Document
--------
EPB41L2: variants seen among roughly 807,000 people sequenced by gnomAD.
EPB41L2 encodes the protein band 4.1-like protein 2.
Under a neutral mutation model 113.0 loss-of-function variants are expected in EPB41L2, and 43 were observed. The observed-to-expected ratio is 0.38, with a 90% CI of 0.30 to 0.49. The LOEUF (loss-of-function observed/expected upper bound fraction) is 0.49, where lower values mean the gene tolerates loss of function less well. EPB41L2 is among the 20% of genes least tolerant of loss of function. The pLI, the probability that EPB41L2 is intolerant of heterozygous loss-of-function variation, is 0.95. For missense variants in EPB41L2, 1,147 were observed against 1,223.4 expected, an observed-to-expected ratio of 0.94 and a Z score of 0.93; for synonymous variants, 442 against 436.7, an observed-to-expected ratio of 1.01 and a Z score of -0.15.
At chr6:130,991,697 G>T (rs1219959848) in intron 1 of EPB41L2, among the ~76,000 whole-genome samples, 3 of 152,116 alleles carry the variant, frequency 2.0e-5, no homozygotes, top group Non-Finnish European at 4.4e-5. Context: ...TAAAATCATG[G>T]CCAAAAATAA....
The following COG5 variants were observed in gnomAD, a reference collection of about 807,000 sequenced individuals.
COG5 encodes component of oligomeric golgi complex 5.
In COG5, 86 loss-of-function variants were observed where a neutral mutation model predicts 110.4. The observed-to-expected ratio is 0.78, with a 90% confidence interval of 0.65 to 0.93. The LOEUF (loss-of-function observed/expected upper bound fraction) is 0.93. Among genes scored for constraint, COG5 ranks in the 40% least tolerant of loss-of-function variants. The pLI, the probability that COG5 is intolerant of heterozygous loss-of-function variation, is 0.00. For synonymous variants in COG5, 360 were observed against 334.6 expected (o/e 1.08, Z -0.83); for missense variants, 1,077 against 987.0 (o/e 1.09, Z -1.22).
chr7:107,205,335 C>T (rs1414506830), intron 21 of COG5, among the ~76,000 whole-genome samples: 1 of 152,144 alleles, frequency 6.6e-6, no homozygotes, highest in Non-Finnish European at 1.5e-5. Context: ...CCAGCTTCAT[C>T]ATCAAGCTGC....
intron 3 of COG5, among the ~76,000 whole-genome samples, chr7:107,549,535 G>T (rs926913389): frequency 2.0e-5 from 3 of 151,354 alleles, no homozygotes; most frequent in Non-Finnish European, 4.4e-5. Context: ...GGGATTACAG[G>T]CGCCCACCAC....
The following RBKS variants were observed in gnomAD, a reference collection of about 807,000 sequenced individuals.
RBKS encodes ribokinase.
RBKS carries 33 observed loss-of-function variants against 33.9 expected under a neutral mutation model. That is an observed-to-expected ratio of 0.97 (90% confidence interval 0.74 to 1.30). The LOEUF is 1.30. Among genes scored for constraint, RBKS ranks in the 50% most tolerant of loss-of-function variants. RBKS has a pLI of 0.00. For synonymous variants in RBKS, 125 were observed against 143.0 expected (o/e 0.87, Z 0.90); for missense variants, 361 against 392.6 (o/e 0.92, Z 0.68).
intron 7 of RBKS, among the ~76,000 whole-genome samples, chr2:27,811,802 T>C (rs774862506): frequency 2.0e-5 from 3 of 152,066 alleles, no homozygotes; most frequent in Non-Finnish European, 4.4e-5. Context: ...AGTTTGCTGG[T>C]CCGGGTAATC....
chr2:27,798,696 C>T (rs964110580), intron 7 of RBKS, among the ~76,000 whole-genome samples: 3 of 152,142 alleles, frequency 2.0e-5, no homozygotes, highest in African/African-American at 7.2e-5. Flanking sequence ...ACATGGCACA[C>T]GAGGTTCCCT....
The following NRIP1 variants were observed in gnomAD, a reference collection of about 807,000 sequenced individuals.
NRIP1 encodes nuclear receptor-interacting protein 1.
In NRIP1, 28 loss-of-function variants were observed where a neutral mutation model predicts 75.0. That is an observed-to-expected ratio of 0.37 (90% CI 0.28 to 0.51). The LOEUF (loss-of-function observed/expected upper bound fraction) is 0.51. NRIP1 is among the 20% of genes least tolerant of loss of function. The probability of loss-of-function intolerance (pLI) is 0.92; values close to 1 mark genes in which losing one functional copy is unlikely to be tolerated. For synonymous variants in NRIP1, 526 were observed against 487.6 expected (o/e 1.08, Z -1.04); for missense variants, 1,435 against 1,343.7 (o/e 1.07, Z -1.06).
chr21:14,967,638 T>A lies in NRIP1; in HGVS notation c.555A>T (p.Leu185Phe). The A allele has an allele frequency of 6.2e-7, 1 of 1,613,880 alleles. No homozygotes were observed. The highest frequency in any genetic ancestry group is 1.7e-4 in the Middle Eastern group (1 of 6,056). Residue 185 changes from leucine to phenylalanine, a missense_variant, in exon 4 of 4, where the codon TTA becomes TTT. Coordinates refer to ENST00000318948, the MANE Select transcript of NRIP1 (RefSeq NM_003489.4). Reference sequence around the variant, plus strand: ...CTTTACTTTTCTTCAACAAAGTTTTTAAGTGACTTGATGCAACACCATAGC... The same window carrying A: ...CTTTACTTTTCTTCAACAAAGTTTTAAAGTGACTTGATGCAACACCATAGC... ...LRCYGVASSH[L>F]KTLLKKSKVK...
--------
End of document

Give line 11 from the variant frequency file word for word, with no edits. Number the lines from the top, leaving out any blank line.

RBKS encodes ribokinase.